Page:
Touch Too Much, which became a staple of the ACDC concerts come the Reagan years, has been listed by Axl Rose of Guns N Roses as one of his favorite songs. (Axl should know; he toured with ACDC in 2016 after Brian Johnson was forced to temporarily retire due to tinnitus.) It was also featured in the Grand Theft Auto games, and Slash claimed that he took the guitar seriously after hearing a friends copy of Highway To Hell while in high school. Touch Too Much was also issued as a single in the UK and the US, being the last single to be culled from this album. An earlier demo of Touch Too Much, recorded in 1977, is also featured on the Columbia Records reissue of Highway To Hell.


The opening guitar riff of "Beating Around the Bush" has been referred to by journalist Phil Sutcliffe as "almost a tribute ... a reflection, I hesitate to say a copy" of "Oh Well" by Fleetwood Mac. It's more or less a song about grinding on people, which seems to be a link between every ACDC song ever recorded.


Side 2 opens with Shot Down In Flames, a party hard song, which also unfortunately acts as a sign of what was to occur with Bon Scott following the tour for this album. (Also of note: Journey toured with ACDC in 1979, and their live 1981 album Captured is dedicated to his memory.)


Get It Hot is also pretty short, and acts as kind of a filler. Mostly Bon just singing about having a pants tent. Ignore.


The song "If You Want Blood (You've Got It)" borrowed the title of the band's live album from the previous year and stemmed from Scott's response to a journalist at the Day on the Green festival in July 1978: when asked what they could expect from the band, Scott replied, "Blood". But to be honest, I actually prefer the live version of If You Want Blood that appears on the live album of the same name. If you are interested in seeing a lot of live performances of this album, you should check out the Top Of The Pops performance ACDC did for this album just days before Bon's death.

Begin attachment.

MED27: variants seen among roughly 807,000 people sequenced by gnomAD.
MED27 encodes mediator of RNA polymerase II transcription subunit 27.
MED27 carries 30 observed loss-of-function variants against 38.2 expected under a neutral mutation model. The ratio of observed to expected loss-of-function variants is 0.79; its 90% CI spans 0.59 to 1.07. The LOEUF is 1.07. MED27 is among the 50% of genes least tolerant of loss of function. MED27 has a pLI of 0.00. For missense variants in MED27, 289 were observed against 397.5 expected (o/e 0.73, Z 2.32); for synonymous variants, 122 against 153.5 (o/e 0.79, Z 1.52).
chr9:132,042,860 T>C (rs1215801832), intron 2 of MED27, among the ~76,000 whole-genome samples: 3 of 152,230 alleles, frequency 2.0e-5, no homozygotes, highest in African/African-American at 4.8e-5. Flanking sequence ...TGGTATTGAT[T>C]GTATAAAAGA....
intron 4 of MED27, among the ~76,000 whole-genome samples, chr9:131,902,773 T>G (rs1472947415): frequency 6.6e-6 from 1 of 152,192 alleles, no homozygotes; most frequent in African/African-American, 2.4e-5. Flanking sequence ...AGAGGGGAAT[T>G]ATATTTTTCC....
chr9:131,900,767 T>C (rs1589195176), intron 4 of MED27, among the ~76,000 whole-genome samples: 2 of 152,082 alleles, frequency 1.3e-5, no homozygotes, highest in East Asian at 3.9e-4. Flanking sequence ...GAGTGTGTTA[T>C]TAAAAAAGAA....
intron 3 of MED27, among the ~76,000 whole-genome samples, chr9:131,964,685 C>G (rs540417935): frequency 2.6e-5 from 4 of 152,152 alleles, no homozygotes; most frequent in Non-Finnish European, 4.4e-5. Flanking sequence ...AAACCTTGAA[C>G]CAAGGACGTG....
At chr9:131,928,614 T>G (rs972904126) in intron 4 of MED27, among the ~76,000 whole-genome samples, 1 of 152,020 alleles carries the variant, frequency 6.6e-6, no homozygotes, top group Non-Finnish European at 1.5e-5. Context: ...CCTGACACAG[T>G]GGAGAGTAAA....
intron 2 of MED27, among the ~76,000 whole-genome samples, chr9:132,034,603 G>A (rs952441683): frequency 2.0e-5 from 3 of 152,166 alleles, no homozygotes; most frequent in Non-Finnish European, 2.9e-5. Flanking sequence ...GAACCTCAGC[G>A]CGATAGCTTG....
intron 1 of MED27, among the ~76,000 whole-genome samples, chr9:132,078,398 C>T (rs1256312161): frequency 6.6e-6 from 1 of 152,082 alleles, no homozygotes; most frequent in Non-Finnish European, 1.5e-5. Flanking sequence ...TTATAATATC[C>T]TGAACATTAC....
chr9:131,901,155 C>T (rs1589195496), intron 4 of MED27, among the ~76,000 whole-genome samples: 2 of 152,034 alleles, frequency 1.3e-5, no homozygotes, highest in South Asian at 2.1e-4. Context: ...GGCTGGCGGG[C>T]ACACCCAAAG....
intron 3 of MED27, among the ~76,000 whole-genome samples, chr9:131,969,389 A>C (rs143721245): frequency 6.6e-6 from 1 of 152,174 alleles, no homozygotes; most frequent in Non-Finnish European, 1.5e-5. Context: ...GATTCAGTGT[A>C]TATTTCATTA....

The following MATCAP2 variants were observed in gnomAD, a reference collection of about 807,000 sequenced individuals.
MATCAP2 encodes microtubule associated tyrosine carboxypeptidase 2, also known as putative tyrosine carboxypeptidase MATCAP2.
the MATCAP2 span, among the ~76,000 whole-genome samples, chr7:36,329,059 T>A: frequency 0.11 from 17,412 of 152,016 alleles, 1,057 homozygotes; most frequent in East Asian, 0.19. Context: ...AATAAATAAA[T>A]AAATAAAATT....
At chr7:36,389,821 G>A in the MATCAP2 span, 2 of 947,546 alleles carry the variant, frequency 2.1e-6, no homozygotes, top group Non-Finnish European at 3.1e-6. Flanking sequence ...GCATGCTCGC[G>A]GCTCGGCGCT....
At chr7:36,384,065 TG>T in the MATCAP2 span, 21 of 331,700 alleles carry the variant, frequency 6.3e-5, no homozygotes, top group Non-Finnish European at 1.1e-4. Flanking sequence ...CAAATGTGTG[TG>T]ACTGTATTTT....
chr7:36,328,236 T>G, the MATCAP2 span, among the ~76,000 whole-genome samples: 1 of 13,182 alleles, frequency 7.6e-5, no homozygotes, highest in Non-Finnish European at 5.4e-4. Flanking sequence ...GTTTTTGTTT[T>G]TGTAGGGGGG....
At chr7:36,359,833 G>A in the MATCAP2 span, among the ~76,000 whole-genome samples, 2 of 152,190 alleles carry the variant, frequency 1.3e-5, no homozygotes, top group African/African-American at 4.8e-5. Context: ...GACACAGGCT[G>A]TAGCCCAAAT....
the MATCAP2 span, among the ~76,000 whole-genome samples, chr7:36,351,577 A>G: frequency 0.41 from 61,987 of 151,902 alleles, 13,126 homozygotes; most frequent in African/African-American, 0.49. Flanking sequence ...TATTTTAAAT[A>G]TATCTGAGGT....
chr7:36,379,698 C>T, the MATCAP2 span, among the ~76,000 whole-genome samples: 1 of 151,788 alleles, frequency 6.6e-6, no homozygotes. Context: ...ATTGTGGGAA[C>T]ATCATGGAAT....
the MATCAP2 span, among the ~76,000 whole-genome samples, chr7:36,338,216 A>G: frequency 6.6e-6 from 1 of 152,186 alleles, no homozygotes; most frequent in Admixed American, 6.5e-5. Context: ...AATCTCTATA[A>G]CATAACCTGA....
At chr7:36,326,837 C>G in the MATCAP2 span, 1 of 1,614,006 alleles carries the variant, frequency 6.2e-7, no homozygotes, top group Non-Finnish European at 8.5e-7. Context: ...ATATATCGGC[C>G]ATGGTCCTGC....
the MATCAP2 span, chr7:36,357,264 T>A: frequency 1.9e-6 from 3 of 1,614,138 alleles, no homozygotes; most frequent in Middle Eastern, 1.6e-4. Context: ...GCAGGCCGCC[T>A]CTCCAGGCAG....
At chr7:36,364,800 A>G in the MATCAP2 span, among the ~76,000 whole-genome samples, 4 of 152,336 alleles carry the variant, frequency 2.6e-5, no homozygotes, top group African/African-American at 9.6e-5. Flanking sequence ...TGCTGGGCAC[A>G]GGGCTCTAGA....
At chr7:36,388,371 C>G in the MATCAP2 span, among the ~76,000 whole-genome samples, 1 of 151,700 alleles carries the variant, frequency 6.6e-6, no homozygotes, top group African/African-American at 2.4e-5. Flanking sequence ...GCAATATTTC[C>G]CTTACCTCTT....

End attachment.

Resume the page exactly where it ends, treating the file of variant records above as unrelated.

Love Hungry Man is another one of my favorite tracks off this album. The power chords (a standard of ACDC's sound) create the first 15 seconds of awesomeness, made better when Cliff's funky bass and Phil's drums join in, to be joined by Bon singing as gravelly as he ever sounded with ACDC. When asked "What's the worst record you've ever made?", Angus replied, "There's a song on Highway to Hell called 'Love Hungry Man' which I must have written after a night of bad pizza – you can blame me for that." I like it though, and if I ever meet Angus Young (which probably won't happen), I'll tell him I respect his opinion on the song.


Night Prowler--ahh, this is as skilled as a closing track can get! Though Bon Scott had no idea that this would be one of his last recordings ever made, he clearly made this one of the most soulful albums ACDC ever put out. The drums could probably go on forever and never bore me, whilst Bon's vocals scream out in a fashion that rivals only Roger Daltrey and Robert Plant. For a band that took their blues influences seriously, this was what no other ACDC album sounded like. It is certainly an album to take on a desert island, that is for sure.